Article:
Changing landscapes: Norman Cornish and North East regional identity

Bunn, Leanne (2010) Changing landscapes: Norman Cornish and North East regional identity. Doctoral thesis, Northumbria University.

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Abstract

This thesis examines the work of the Durham pitman and artist Norman Cornish whilst analysing the economic and cultural climate which has promoted and sustained his career as a regional artist for over seventy years. Cornish’s depiction of mining life remains widely acknowledged by regional patrons and the local media as an iconic representation of the distinctiveness of North East mining communities. The fact that his work continues to receive considerable media attention whilst maintaining a strong patronage within the region, promotes several issues relating to the understanding of regional culture and identity. Why has Cornish’s work remained so enduringly popular and what does this reveal about the dynamics of North East regional culture? This research considers the interpretation and patronage of Cornish’s work during key periods of the region’s development and in doing so provides the first sustained study of Cornish’s career in relation to regional cultural identity. Industrialisation, economic change, concepts of community and nostalgia are all recognised as fundamental factors which have shaped the region’s cultural identity during the twentieth century. Essentially, it is argued that a sense of ‘Northernness’ is crucial to Cornish’s regional popularity. Significantly, this thesis identifies a variation between Cornish’s regional and national popularity. The artist’s strong local appeal has not been replicated consistently on a broader national level. It is suggested that the varying national interest in Cornish’s career should be considered in relation to wider artistic trends as well as patronage from organisations such as the National Coal Board. On a regional level, a large proportion of Cornish’s continued appeal to local audiences can be attributed to the sympathetic response from the regional media. Whilst the study of regional identity within the scope of visual culture is by no means a new or impoverished field, this study adopts a thematic treatment of culture, identity and representation, in order to understand the contribution of visual culture to regional identity during the twentieth century. By dealing with visual culture in its broadest and most fluid sense, this study consults both social and cultural history sources alongside art historical perspectives.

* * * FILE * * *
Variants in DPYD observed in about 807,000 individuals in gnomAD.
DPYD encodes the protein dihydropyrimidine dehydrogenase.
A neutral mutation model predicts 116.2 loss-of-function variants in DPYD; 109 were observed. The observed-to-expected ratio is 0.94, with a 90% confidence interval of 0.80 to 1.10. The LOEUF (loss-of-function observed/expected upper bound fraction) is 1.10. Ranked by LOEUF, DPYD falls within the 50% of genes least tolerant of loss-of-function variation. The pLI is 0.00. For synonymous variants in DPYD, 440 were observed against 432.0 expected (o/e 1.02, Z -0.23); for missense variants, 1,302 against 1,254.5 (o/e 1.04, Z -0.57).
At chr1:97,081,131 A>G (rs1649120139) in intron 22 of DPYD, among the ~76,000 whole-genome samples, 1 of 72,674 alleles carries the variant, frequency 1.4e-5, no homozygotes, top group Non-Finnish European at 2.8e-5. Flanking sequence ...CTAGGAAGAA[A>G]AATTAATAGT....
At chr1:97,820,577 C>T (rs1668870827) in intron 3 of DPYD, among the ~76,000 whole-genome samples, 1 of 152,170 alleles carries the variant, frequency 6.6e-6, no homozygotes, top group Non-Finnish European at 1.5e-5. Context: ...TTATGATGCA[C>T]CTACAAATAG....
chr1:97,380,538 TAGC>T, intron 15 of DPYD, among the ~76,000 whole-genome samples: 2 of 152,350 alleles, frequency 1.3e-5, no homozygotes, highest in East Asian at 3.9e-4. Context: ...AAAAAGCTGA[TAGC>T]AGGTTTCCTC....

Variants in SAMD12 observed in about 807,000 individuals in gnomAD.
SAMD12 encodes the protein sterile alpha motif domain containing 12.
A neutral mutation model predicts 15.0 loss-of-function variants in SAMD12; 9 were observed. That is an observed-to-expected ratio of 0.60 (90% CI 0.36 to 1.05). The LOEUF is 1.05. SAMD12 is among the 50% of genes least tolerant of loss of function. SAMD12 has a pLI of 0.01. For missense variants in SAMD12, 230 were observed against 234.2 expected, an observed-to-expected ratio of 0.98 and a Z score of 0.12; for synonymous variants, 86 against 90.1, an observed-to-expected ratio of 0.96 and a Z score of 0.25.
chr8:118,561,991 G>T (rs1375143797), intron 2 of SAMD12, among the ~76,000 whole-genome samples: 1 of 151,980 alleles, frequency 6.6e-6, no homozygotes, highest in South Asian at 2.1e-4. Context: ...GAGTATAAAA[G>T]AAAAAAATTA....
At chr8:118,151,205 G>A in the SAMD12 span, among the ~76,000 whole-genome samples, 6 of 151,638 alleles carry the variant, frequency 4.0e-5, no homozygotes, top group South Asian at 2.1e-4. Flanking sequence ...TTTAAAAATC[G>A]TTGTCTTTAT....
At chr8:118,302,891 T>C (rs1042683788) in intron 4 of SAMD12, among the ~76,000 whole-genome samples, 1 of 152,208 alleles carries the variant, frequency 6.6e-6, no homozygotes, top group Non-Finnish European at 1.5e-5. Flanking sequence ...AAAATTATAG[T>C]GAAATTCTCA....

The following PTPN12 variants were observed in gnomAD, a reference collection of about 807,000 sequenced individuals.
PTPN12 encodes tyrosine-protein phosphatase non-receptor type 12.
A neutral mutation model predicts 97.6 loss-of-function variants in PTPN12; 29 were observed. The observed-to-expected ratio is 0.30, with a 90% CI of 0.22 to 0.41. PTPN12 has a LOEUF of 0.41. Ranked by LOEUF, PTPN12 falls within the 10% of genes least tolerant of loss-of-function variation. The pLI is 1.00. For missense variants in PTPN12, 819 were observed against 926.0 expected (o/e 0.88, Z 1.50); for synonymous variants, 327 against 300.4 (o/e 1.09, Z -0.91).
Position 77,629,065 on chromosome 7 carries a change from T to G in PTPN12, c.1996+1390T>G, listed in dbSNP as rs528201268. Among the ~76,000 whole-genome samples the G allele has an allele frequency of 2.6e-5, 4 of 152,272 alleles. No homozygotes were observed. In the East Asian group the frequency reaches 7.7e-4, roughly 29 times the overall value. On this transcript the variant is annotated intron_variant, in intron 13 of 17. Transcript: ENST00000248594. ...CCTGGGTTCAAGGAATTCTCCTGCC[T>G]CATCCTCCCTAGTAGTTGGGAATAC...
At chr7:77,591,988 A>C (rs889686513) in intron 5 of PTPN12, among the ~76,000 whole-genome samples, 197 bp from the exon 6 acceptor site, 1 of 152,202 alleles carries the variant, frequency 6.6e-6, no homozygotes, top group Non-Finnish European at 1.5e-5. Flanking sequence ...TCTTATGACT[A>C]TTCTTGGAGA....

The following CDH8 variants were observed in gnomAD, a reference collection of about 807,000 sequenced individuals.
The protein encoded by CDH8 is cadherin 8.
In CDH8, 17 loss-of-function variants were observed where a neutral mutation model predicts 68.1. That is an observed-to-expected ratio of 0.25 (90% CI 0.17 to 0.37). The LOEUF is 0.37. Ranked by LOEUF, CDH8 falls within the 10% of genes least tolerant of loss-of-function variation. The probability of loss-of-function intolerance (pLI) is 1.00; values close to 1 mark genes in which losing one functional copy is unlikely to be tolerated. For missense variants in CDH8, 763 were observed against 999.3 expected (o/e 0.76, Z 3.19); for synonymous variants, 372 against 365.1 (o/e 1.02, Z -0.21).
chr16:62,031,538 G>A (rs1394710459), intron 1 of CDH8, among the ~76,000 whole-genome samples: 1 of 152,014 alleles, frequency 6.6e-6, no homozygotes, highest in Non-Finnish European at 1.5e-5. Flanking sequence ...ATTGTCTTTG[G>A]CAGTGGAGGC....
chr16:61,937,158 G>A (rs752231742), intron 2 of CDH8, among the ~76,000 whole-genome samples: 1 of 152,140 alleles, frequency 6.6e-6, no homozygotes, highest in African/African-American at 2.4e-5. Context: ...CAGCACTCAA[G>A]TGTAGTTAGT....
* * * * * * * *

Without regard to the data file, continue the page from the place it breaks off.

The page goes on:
Item Type: Thesis (Doctoral)
Subjects: W100 Fine Art
Department: Faculties > Arts, Design and Social Sciences > School of Arts and Social Sciences > Arts
University Services > Research and Innovation Services > Graduate School > Doctor of Philosophy
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Depositing User: EPrint Services
Date Deposited: 21 Oct 2010 14:44
Last Modified: 08 May 2017 13:38
URI: http://nrl.northumbria.ac.uk/id/eprint/3677

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